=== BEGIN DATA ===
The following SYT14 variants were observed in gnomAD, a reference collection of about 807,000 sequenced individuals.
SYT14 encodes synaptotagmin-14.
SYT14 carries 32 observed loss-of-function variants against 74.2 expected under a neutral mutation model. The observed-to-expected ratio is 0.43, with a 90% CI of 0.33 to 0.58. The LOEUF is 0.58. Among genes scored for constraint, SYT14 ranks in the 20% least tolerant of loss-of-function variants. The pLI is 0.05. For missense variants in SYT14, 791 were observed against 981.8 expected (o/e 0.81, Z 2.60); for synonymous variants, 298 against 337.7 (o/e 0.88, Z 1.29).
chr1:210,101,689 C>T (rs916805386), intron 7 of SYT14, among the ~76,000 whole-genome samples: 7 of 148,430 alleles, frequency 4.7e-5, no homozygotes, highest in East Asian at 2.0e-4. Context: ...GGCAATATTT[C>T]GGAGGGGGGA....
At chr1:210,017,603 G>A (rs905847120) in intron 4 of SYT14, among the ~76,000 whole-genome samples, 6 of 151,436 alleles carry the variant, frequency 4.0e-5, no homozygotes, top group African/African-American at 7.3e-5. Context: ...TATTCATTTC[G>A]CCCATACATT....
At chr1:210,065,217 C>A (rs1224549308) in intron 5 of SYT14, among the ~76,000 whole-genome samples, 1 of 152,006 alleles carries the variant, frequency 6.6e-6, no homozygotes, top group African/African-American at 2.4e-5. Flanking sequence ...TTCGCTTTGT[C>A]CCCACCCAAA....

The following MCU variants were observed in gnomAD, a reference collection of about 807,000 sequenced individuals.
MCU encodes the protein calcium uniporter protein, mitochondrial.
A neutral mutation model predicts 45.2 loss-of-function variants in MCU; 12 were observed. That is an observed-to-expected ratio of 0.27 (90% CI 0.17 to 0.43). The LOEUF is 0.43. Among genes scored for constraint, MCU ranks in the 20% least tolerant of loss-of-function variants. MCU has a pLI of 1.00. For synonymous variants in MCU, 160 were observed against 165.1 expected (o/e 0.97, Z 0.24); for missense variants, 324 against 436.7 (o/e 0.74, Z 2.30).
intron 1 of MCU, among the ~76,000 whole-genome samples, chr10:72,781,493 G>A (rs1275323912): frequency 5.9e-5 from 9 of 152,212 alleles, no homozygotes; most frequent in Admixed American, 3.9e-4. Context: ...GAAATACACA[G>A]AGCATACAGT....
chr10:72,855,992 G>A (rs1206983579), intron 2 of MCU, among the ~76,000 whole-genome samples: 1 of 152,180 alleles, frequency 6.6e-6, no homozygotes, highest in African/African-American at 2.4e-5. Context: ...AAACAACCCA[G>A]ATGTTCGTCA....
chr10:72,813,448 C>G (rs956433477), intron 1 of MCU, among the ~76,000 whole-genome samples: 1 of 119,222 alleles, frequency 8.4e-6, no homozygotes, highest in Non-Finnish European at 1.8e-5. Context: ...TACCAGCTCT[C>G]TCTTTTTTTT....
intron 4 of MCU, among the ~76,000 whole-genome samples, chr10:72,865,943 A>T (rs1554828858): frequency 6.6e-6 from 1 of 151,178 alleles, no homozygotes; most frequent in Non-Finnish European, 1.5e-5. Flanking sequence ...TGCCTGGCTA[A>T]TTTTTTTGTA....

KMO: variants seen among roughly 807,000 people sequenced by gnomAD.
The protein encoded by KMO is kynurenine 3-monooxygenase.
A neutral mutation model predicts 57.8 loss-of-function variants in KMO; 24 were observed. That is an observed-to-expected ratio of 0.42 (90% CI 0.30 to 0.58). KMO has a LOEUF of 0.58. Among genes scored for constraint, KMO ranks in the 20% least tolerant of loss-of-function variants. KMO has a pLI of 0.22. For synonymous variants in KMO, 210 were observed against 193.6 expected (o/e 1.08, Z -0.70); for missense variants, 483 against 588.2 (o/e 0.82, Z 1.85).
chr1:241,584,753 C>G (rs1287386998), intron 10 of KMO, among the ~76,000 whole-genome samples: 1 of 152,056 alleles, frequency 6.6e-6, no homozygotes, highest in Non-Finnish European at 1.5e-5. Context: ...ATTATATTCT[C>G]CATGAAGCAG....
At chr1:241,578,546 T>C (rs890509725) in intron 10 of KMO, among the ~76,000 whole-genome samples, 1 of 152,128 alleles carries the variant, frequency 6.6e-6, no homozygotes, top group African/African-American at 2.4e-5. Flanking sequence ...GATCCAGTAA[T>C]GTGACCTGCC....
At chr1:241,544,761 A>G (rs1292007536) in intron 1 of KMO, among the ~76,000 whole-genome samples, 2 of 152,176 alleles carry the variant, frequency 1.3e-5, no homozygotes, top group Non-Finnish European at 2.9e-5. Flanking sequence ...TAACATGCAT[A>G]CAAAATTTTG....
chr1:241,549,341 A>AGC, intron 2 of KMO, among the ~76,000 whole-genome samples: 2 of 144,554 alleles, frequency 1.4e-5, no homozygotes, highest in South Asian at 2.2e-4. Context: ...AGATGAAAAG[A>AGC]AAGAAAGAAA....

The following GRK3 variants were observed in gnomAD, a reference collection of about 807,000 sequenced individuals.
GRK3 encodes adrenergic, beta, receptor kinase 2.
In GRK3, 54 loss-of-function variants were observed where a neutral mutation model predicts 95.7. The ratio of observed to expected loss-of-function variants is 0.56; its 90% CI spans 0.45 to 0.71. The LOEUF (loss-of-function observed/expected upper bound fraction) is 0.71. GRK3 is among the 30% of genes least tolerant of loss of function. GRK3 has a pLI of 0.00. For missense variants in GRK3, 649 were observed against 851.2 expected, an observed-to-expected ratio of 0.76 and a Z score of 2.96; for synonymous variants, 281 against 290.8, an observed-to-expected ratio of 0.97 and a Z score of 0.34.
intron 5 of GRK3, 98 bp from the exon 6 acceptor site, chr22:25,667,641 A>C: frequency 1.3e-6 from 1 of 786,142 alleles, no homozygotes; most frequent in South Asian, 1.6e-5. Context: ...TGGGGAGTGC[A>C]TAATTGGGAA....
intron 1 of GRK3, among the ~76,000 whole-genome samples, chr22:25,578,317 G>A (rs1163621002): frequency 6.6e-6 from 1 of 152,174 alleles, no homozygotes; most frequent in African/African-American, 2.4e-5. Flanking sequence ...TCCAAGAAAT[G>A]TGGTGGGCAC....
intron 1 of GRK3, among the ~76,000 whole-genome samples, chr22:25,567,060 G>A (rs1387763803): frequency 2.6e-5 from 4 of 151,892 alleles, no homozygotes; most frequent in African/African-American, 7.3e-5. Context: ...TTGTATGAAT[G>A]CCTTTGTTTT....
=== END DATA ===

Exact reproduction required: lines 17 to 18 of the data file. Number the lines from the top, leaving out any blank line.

chr1:241,584,753 C>G (rs1287386998), intron 10 of KMO, among the ~76,000 whole-genome samples: 1 of 152,056 alleles, frequency 6.6e-6, no homozygotes, highest in Non-Finnish European at 1.5e-5. Context: ...ATTATATTCT[C>G]CATGAAGCAG....
At chr1:241,578,546 T>C (rs890509725) in intron 10 of KMO, among the ~76,000 whole-genome samples, 1 of 152,128 alleles carries the variant, frequency 6.6e-6, no homozygotes, top group African/African-American at 2.4e-5. Flanking sequence ...GATCCAGTAA[T>C]GTGACCTGCC....